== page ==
What Still Remains, a post-apocalyptic film streaming on Netflix since August 2018, has recently been called out for copying promotional materials from The Last of Us, the iconic PlayStation game. A poster for the movie uncannily resembles one for the game, whose release predated that of What Still Remains by more than five years.
The Last of Us is no stranger to the ups-and-downs of film development. In 2014, news broke that the game would receive a movie adaptation written by Neil Druckmann, vice president of Naughty Dog and creative director of The Last of Us. But the film has languished in development hell since - in 2016, producer Sam Raimi described it as being stuck in "a standstill"; and in February 2018, Druckmann said that he hopes The Last of Us movie is never made in its current form.
In lieu of a proper The Last of Us movie, there's been a lot of imitators - and many more who have co-opted its iconography. The latest to be called out is What Still Remains, a post-apocalypse movie currently available on Netflix (although not a Netflix Original as some have reported). The movie and the game share relatively similar plots about people trying to survive following apocalyptic pandemics - though the protagonists in the film are a brother and sister, compared to the game's paternal-like relationship between Joel and Ellie - but the posters have proved too alike for comfort. Last week, Twitter user Rob Trench posted about the two posters, eliciting a reaction from none other than Druckmann himself, who handled the situation with humor.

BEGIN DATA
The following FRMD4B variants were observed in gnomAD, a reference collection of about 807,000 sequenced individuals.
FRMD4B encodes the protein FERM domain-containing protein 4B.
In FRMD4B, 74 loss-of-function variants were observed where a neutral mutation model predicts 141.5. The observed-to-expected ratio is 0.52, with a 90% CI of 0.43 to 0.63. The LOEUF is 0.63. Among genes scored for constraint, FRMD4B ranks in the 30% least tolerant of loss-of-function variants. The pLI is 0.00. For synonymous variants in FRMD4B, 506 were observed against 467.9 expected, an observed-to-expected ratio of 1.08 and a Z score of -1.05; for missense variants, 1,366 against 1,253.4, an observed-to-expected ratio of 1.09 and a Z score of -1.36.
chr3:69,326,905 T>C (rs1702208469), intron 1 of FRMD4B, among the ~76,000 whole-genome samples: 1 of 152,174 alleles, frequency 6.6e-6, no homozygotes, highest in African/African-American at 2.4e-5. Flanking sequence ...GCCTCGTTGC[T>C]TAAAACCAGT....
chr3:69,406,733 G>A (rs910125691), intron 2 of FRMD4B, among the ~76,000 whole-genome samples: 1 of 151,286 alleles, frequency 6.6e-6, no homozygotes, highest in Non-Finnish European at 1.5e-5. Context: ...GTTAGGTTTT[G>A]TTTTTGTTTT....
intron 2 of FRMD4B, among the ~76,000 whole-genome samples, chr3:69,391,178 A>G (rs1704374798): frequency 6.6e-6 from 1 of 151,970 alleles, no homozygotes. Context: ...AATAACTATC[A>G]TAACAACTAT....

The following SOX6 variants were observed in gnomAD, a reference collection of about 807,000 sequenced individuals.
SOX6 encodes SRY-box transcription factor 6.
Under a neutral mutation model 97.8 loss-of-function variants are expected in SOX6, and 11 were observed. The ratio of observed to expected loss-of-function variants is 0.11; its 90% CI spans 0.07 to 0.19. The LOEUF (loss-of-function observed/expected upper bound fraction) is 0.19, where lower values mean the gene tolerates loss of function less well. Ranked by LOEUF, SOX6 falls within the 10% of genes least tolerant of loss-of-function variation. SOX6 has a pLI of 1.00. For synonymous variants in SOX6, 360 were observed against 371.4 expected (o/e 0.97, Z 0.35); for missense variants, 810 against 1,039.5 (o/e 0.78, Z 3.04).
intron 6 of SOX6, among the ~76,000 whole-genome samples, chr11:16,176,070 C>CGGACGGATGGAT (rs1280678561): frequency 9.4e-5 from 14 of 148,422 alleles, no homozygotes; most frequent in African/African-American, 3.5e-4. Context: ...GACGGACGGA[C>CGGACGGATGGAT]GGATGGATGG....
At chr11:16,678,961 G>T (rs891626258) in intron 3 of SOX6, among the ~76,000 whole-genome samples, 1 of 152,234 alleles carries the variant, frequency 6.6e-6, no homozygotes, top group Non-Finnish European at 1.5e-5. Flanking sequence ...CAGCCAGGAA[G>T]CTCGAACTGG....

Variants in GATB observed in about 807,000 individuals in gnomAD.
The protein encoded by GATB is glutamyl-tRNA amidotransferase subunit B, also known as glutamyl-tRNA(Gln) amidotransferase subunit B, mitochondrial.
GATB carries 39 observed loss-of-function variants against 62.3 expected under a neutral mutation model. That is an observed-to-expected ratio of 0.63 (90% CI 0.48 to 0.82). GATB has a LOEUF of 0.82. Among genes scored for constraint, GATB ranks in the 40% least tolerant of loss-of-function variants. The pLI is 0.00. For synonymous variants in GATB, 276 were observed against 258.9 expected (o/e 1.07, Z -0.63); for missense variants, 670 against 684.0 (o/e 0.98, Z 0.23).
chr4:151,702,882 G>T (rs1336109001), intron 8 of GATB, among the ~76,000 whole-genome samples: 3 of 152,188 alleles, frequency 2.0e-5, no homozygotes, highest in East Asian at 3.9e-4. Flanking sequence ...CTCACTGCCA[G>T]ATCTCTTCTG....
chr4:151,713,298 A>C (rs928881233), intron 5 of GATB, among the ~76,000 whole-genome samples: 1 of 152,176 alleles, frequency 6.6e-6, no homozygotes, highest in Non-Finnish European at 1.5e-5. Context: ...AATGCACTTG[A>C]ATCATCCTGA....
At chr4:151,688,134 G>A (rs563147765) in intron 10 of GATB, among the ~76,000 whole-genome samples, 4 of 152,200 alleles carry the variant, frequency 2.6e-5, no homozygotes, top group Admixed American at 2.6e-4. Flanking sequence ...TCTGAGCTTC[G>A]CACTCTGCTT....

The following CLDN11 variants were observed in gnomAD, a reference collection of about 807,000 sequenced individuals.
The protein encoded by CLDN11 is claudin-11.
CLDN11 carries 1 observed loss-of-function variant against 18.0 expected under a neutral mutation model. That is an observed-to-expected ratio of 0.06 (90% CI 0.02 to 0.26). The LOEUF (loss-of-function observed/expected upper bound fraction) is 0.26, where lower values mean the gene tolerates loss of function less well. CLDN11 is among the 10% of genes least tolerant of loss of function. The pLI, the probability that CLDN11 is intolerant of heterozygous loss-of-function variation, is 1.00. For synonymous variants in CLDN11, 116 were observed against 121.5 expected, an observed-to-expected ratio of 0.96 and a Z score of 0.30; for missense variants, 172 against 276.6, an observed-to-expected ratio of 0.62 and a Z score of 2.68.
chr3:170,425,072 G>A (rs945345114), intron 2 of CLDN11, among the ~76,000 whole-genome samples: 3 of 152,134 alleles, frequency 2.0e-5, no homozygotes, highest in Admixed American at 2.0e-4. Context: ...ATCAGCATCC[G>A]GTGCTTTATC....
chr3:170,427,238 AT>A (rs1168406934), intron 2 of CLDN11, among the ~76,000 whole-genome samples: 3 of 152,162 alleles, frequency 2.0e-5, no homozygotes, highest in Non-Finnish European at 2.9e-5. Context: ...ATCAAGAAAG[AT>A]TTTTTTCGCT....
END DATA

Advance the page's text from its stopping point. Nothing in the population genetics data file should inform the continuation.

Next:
Hold on... is this for real? 😂 https://t.co/pXsl8sO6Ba— Neil Druckmann (@Neil_Druckmann) January 6, 2019
Nowadays, Druckmann's busy at work on The Last of Us 2, the highly anticipated follow-up that was revealed in December 2016. The years since have been filled with a slow trickle of details about the game, though it's still unclear if Ellie will be the game's sole playable character. Its release date is similarly unconfirmed, but there's a chance that it'll come out sometime 2019.
As for the posters, it's worth noting that The Last of Us did not invent marketing depicting two family members in a post-apocalyptic world; John Hillcoat's adaptation of Cormac McCarthy's The Road came out way back in 2009. That said, the copy-job of What Still Remains is still particularly egregious because it doesn't just lift the idea of two people standing around - it even mimics the arrangement of the background behind them. Of course, this is a common trick for lower-budget and home video releases, using familiar iconography to subconsciously engage an otherwise disinterested audience.
If anything, this hubbub can serve to remind fans of how distinct The Last of Us was and remains. It took a not-entirely-original premise and created something remarkably unique out of it - and that accomplishment can't be copied onto a poster.